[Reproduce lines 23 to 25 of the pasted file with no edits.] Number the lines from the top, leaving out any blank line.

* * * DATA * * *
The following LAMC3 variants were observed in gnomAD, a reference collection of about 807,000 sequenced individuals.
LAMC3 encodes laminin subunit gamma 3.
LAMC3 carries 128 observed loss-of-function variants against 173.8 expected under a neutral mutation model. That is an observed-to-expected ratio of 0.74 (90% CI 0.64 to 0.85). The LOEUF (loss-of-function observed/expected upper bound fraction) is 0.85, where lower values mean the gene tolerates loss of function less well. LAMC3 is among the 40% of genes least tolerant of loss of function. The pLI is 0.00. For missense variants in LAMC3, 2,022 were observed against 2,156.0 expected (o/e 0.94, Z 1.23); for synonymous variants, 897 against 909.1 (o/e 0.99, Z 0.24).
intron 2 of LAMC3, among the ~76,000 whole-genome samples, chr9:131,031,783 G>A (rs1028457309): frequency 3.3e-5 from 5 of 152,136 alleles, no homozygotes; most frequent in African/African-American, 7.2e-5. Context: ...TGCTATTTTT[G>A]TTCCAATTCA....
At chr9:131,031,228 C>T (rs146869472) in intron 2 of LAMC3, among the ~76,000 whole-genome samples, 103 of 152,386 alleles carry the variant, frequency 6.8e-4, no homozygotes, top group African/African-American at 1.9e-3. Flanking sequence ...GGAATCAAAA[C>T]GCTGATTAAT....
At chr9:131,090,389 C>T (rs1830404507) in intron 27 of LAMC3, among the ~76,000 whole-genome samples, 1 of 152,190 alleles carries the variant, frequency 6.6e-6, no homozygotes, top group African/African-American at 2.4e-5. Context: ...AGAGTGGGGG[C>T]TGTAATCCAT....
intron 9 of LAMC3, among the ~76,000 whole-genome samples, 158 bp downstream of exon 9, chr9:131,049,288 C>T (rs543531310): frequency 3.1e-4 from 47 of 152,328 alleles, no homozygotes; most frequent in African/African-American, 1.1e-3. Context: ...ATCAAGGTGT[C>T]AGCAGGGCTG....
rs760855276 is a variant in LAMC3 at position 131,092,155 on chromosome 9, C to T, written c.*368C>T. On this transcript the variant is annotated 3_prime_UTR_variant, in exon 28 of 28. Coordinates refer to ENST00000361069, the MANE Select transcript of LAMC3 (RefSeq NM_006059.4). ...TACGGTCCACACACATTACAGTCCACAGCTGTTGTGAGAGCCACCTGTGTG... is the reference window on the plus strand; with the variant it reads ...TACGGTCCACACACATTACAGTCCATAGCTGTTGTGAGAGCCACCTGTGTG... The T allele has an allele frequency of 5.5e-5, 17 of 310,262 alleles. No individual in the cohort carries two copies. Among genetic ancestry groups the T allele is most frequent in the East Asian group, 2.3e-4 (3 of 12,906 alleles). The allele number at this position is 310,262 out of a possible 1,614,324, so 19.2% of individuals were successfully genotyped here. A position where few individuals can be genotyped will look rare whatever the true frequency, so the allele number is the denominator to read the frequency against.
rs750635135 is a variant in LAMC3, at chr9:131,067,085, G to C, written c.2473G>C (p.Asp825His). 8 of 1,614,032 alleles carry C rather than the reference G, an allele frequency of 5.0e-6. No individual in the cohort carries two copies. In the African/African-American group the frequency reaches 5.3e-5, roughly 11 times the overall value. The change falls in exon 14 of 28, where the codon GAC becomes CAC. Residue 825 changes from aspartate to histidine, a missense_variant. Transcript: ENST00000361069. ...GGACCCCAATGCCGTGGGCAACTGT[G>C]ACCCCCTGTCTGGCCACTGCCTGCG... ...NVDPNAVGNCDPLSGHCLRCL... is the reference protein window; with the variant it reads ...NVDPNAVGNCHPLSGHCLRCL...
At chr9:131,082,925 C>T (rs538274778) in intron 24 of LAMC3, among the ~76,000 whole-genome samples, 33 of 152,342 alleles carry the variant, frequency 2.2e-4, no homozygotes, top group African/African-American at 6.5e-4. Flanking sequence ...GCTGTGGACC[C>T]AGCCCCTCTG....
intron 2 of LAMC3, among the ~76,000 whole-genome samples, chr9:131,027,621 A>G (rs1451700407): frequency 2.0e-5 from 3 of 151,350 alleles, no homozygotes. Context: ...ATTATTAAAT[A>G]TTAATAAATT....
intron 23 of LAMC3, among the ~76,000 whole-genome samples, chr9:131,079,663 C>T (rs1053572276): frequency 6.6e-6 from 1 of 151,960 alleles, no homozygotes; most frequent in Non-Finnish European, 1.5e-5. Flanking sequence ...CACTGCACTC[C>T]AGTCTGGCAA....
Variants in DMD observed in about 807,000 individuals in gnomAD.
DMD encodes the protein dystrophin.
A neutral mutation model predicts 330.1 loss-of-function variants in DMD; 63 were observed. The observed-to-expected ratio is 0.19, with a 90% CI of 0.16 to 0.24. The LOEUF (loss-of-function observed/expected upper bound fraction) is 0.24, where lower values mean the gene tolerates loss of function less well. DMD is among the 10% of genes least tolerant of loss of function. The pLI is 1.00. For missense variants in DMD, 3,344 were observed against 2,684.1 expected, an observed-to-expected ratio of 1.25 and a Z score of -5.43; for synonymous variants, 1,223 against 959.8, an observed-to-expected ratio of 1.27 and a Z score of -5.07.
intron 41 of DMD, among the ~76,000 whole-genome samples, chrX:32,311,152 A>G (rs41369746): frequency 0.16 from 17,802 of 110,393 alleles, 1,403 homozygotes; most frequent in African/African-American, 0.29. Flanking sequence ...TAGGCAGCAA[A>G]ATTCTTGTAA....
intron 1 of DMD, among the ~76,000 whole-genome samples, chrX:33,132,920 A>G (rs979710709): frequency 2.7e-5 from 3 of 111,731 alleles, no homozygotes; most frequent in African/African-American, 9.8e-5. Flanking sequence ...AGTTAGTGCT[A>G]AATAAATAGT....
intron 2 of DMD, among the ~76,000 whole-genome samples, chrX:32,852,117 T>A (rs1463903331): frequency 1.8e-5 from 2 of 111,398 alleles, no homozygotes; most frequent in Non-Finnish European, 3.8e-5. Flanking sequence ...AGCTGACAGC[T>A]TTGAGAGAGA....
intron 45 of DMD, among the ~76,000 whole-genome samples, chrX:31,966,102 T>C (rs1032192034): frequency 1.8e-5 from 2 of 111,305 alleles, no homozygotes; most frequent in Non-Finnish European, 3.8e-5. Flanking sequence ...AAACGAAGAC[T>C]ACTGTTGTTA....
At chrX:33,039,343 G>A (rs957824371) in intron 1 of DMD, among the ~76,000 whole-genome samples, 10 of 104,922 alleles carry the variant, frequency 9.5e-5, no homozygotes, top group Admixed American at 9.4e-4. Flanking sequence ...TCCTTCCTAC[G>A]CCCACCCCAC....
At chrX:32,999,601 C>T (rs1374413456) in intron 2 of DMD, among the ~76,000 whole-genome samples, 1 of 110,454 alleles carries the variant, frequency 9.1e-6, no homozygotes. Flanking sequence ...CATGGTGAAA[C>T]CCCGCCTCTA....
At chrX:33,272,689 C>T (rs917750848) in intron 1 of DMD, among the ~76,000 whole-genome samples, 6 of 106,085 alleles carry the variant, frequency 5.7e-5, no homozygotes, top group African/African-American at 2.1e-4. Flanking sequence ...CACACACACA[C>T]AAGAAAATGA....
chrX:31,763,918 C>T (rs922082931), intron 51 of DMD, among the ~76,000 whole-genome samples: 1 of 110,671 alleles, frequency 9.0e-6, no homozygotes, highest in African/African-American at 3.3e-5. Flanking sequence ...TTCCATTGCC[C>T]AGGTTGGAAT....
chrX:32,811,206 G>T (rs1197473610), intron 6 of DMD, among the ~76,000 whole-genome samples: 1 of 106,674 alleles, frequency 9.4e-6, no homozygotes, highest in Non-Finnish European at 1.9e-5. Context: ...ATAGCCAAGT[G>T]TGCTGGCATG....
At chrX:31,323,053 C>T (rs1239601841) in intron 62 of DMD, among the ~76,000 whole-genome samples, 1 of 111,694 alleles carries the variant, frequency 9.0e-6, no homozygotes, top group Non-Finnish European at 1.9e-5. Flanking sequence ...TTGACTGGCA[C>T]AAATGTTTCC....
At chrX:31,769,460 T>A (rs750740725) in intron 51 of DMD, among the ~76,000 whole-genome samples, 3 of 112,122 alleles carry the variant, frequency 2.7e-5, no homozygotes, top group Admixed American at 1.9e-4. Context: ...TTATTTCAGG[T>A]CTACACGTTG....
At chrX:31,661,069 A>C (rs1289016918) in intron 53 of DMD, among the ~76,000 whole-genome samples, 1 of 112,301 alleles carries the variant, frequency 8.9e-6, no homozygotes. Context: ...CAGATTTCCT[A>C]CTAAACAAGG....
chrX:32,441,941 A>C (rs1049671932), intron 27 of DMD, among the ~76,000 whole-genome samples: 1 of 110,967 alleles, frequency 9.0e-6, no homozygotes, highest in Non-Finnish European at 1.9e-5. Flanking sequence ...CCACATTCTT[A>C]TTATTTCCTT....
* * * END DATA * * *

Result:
chrX:31,763,918 C>T (rs922082931), intron 51 of DMD, among the ~76,000 whole-genome samples: 1 of 110,671 alleles, frequency 9.0e-6, no homozygotes, highest in African/African-American at 3.3e-5. Flanking sequence ...TTCCATTGCC[C>T]AGGTTGGAAT....
chrX:32,811,206 G>T (rs1197473610), intron 6 of DMD, among the ~76,000 whole-genome samples: 1 of 106,674 alleles, frequency 9.4e-6, no homozygotes, highest in Non-Finnish European at 1.9e-5. Context: ...ATAGCCAAGT[G>T]TGCTGGCATG....
At chrX:31,323,053 C>T (rs1239601841) in intron 62 of DMD, among the ~76,000 whole-genome samples, 1 of 111,694 alleles carries the variant, frequency 9.0e-6, no homozygotes, top group Non-Finnish European at 1.9e-5. Flanking sequence ...TTGACTGGCA[C>T]AAATGTTTCC....